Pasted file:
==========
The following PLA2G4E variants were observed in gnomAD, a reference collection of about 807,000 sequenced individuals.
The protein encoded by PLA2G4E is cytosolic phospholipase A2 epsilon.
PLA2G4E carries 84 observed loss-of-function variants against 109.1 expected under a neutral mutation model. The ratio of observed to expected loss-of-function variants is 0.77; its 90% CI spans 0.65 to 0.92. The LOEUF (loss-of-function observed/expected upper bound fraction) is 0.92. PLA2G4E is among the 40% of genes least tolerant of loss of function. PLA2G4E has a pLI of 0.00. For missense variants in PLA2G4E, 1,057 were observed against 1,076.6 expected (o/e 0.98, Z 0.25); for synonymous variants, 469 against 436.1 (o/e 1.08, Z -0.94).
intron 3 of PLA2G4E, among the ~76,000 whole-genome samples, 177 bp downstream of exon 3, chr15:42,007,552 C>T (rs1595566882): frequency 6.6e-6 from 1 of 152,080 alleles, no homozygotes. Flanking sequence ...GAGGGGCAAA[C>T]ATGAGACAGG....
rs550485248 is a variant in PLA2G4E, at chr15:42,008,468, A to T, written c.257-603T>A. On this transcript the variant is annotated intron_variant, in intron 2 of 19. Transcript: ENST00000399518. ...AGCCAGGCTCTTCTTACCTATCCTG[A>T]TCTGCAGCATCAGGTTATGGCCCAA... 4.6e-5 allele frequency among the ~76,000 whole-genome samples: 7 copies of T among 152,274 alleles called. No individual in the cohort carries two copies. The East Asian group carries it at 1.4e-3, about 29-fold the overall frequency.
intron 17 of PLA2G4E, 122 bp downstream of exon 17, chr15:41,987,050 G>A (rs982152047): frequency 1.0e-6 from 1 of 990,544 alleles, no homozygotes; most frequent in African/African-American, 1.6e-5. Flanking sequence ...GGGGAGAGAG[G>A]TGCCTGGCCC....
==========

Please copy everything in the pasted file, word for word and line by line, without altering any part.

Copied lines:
The following PLA2G4E variants were observed in gnomAD, a reference collection of about 807,000 sequenced individuals.
The protein encoded by PLA2G4E is cytosolic phospholipase A2 epsilon.
PLA2G4E carries 84 observed loss-of-function variants against 109.1 expected under a neutral mutation model. The ratio of observed to expected loss-of-function variants is 0.77; its 90% CI spans 0.65 to 0.92. The LOEUF (loss-of-function observed/expected upper bound fraction) is 0.92. PLA2G4E is among the 40% of genes least tolerant of loss of function. PLA2G4E has a pLI of 0.00. For missense variants in PLA2G4E, 1,057 were observed against 1,076.6 expected (o/e 0.98, Z 0.25); for synonymous variants, 469 against 436.1 (o/e 1.08, Z -0.94).
intron 3 of PLA2G4E, among the ~76,000 whole-genome samples, 177 bp downstream of exon 3, chr15:42,007,552 C>T (rs1595566882): frequency 6.6e-6 from 1 of 152,080 alleles, no homozygotes. Flanking sequence ...GAGGGGCAAA[C>T]ATGAGACAGG....
rs550485248 is a variant in PLA2G4E, at chr15:42,008,468, A to T, written c.257-603T>A. On this transcript the variant is annotated intron_variant, in intron 2 of 19. Transcript: ENST00000399518. ...AGCCAGGCTCTTCTTACCTATCCTG[A>T]TCTGCAGCATCAGGTTATGGCCCAA... 4.6e-5 allele frequency among the ~76,000 whole-genome samples: 7 copies of T among 152,274 alleles called. No individual in the cohort carries two copies. The East Asian group carries it at 1.4e-3, about 29-fold the overall frequency.
intron 17 of PLA2G4E, 122 bp downstream of exon 17, chr15:41,987,050 G>A (rs982152047): frequency 1.0e-6 from 1 of 990,544 alleles, no homozygotes; most frequent in African/African-American, 1.6e-5. Flanking sequence ...GGGGAGAGAG[G>A]TGCCTGGCCC....